I work at home so I've changed diapers in a pinch while writing articles on deadline, interviewing sources, even while telling my editor why I might have gotten something wrong in a story I just filed ("Dude, I was changing a diaper. Cut me some slack, eh?"). I'm not sure what size of dumpster 60,000 diapers would fill, but I'm sure it would be an extraordinary sight. In a disgusting sort of way, I reckon. With a 9-month-old and an un-pottytrained 2-year-old in the house, we're still going strong diaper wise. I've got plenty of bad diaper stories. What parent doesn't?

But here's my best `Worst Diaper Story.' We got married at the onset of my senior year of college and lived in this drafty shack, er house, in North Portland. It was a tough neighborhood. A few houses down was a 24-hour pharmacy, or a `drug house' as some people call them. We were in a cloth diaper phase (Hey, we were young, had no money and concerned about the environment. We got over it.) and we stored the diapers on the back porch in a plastic 10-gallon pail with a lid on it. It worked out ok until February, when an Arctic Blast hit Portland. We're talking sub-zero wind chills. Inevitably, we ran out of cloth diapers. I bundled up, trundled out to the porch and grabbed the pail and headed down to the basement to the washer and dryer. The washer was a top-loader and when I went to dump the diapers in the wash, out came a ... frozen solid brick of diapers. "Clunk," it went on the washer.

When the initial shock and horror wore off, several thoughts went through my head. "Do I get a blow dryer and thaw it out?," was my first original one. "Grab a hose?" was another. I was at a loss. This wasn't in my parent handbook. I couldn't Google "brick of diapers" and "how to thaw out" because Al Gore hadn't even invented the Internet yet. Let alone Google. I looked around the basement. Hmmmm. There's a hammer over there. I grabbed the hammer and went to work, taking apart that brick one whack at a time. The worst part about it? The frozen slivers of, well, you can imagine what that went flying. After the first whack or two I was shielding my face with my left arm and swinging away with my right. Needless to say, it wasn't long after that experience that we changed to plastic.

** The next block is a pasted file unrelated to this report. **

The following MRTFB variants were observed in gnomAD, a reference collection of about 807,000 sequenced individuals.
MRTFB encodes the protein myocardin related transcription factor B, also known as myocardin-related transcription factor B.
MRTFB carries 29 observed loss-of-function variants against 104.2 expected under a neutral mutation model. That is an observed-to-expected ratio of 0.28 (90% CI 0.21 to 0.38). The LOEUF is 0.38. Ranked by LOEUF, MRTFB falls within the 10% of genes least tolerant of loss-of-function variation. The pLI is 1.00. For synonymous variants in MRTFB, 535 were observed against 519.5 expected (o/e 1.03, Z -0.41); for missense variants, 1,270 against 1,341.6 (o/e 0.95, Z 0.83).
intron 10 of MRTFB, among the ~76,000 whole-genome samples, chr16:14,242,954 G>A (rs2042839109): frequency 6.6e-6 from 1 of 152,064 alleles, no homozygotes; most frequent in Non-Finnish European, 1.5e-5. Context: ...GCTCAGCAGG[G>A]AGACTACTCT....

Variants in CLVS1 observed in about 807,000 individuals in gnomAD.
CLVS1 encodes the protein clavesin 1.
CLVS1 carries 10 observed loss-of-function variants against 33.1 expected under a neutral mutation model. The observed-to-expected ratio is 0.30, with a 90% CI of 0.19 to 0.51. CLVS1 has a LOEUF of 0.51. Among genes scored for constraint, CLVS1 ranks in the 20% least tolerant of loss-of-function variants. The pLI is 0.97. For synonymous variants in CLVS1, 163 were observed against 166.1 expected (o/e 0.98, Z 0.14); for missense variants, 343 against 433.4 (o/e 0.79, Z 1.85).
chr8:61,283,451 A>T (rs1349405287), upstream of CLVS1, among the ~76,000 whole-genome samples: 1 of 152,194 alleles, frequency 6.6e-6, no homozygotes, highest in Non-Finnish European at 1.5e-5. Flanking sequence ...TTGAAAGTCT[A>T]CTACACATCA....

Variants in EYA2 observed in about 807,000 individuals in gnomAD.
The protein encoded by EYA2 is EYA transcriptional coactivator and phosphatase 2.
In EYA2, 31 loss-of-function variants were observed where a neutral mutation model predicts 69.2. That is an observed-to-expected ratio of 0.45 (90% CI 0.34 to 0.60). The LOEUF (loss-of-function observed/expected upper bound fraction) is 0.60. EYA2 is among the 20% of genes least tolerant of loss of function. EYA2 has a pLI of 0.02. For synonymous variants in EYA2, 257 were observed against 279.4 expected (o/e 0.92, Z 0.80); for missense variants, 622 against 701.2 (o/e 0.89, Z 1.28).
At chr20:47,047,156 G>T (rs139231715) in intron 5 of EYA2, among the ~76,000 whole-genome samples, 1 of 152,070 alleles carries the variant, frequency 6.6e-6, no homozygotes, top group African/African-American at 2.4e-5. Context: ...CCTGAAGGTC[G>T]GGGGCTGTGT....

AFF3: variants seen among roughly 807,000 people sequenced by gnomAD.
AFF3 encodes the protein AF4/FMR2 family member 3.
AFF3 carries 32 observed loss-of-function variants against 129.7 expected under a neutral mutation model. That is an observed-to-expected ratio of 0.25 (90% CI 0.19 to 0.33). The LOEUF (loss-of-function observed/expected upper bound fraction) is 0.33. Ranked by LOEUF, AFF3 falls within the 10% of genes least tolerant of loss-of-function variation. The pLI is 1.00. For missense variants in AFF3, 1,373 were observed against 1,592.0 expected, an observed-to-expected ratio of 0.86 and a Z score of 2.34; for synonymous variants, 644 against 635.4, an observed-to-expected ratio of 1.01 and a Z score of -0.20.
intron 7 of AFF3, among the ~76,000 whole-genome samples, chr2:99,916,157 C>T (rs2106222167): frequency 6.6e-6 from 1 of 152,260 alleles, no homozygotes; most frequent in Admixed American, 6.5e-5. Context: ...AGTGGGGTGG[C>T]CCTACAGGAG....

Wednesday, January 14, 2009

`We Count Our Lives Dear'

"But none of these things move me; nor do I count my life dear to myself, so that I may finish my race with joy, and the ministry which I received from the Lord Jesus, to testify to the gospel of the grace of God." -- The Apostle Paul, as recorded in Acts 20:24 (NKJV)

The day after Thanksgiving, my Christian brother Josh Baley awoke in Jos, Nigeria, nearer to heaven. Hundreds of Muslims armed with machetes, bows and arrows, knives, farm tools and even guns were rampaging through the city that sits at the crossroads of Nigeria's Muslim north and Christian South. They had arrived at the compound where he was staying -- Josh was on leave from his church in Abuja, where he is an assitant pastor, worship leader and children's ministry leader -- and were trying to scale high fences while chanting, "Jihad! Jihad! Jihad!"

Josh had been sent out by Calvary Chapel Corvallis (I first met Josh probably in 2000 while we both attended the church, before I moved to Virginia in 2004) to the mission field in Nigeria in 2005. On Wednesday morning, while on leave from the mission field, he shared his testimony of persecution with our class at Cornerstone School of Ministry at Calvary Chapel Corvallis. "They were going to kill us," Josh said. "Wipe that whole place out. Because we were Christians."

Josh recounted how he remembers telling God his life is in His hands. If it was his time to go, he couldn't change that. Helpless, Josh nevertheless felt a surge of overwhelming peace. He told us he'll never forget saying, "God, you have to move. There's nothing we can do." Miraculously, the mob became distracted and dispersed enough for Josh and others in the compound to make an attempt to flee to safety. As Josh reflected on that morning in Jos, he spoke of how Paul went to Jerusalem, certain that "chains and tribulations await me." (Acts 20:23, NKJV) "You may have to lose your life for Christ's sake," Josh told us. "Are you willing? I believe Paul was at the point where, `If I die, I die. I'm going to go be in a far better place with Jesus."

Josh described how he made it to safety and how gunshots preceded the dispersal of the Muslims. The rampage claimed about 500 lives, Josh said. Throughout the ordeal, Josh became closer to God. "I learned of God's nearness, his closeness through it," Josh said when he spoke to me later. "You honestly forget about everything else and your focus is on the Lord. You forget about physical things. God is really near during those times."

In class, Josh said Paul always talked about finishing his race. "Man, I want to finish my race, but in order to finish my race I can't count my life dear to myself." Is he prepared to die for his faith? "Honestly, I can say yes," Josh said. "These fierce Muslims that are running around killing people, they need Jesus. I know if they got Jesus in their heart they would change."